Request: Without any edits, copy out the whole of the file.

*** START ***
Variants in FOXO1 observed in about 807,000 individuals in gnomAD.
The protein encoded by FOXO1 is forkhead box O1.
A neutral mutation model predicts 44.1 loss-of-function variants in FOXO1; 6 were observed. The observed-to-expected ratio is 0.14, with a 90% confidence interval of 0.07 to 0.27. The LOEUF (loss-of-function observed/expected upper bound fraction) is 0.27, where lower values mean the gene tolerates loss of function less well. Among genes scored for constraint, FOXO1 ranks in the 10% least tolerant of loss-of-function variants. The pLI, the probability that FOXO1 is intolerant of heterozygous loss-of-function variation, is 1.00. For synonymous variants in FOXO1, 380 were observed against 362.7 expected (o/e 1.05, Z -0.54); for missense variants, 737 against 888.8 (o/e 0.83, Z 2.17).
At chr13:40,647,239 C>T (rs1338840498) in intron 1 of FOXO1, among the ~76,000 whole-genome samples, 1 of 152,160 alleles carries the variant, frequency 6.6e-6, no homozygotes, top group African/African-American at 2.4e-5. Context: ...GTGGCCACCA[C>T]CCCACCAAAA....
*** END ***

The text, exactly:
Variants in FOXO1 observed in about 807,000 individuals in gnomAD.
The protein encoded by FOXO1 is forkhead box O1.
A neutral mutation model predicts 44.1 loss-of-function variants in FOXO1; 6 were observed. The observed-to-expected ratio is 0.14, with a 90% confidence interval of 0.07 to 0.27. The LOEUF (loss-of-function observed/expected upper bound fraction) is 0.27, where lower values mean the gene tolerates loss of function less well. Among genes scored for constraint, FOXO1 ranks in the 10% least tolerant of loss-of-function variants. The pLI, the probability that FOXO1 is intolerant of heterozygous loss-of-function variation, is 1.00. For synonymous variants in FOXO1, 380 were observed against 362.7 expected (o/e 1.05, Z -0.54); for missense variants, 737 against 888.8 (o/e 0.83, Z 2.17).
At chr13:40,647,239 C>T (rs1338840498) in intron 1 of FOXO1, among the ~76,000 whole-genome samples, 1 of 152,160 alleles carries the variant, frequency 6.6e-6, no homozygotes, top group African/African-American at 2.4e-5. Context: ...GTGGCCACCA[C>T]CCCACCAAAA....